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With Flynn gone, Jared Kushner is likely to get his moment on Israel

Franco Ordonez and Kevin G. Hall, McClatchy Washington Bureau on

Published in News & Features

WASHINGTON -- The sudden resignation of Michael Flynn as national security adviser has left a leadership void on Middle East issues that President Donald Trump's son-in-law, Jared Kushner, looks poised to fill.

Prime Minister Benjamin Netanyahu and Trump met face-to-face Wednesday for the first time since Trump's inauguration, and both focused on common goals such as combating Iran's nuclear ambitions in their remarks. But with Flynn out of the picture, Iran is expected to become a bit less of a focus, allowing Kushner to direct the conversation more toward peace.

"In the absence of Flynn it will accentuate in the short term him being a point person early on," said David Makovsky, a former Obama administration senior adviser on peace talks.

Kushner, who is Jewish, is one of the president's most trusted advisers. His office is just a couple of doors down from the Oval Office. Despite not having government experience, Kushner, 35, is expected to play a crucial role in pursuing Trump goals to help broker a peace deal, according to the president.

In a startling display of their close relationship, Netanyahu referred to Kushner almost like an uncle on Wednesday. During the joint news conference with Trump in the East Room, Netanyahu brought up his long relationship with Kushner to highlight the strong support he said Israel had received from Trump and his team.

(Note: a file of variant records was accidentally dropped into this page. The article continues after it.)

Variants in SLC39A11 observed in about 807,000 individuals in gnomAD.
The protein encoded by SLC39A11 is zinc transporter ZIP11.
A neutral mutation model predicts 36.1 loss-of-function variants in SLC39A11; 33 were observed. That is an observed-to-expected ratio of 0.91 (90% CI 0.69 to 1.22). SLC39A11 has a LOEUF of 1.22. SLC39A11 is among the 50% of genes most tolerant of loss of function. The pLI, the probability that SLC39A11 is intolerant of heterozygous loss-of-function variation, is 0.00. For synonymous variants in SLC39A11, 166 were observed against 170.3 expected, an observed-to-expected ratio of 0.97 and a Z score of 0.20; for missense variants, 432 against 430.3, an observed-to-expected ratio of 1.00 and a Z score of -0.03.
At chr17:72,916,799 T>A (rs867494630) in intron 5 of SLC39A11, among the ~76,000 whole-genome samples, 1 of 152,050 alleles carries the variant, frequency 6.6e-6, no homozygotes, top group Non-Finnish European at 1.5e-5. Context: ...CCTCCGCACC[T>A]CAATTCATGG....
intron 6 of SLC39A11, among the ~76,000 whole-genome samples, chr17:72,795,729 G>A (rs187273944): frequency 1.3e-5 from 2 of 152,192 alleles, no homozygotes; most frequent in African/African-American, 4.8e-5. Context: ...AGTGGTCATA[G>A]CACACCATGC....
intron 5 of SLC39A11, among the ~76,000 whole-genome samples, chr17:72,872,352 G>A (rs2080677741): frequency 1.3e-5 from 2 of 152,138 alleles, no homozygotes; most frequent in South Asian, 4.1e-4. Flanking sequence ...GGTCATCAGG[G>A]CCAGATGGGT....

"I've known President Trump for many years," Netanyahu said, before turning to Kushner, seated in the audience. "Can I reveal, Jared, how long I've known you? Well, he was never small; he was always big."

How that familiarity will color U.S.-Israel relations is still to be seen. But Trump's and Netanyahu's statements at their news conference show that much remains in flux.

Trump seemed to pull back from decades of U.S. support for a Palestinian state alongside Israel, saying he would accept whatever Israelis and Palestinians agree on, whether it be one state or two.

He also did not repeat his campaign pledge to move the U.S. Embassy from Tel Aviv to Jerusalem. "We're looking at it very, very strongly," Trump said. "We're looking at it with great care, great care, believe me. And we'll see what happens."

Trump told Netanyahu on Wednesday that peace with the Palestinians was important to him and that he would push for a peace deal. But he emphasized the right deal is one that works for both sides and they had to negotiate. He asked the prime minister to "hold back on settlements for a little bit."


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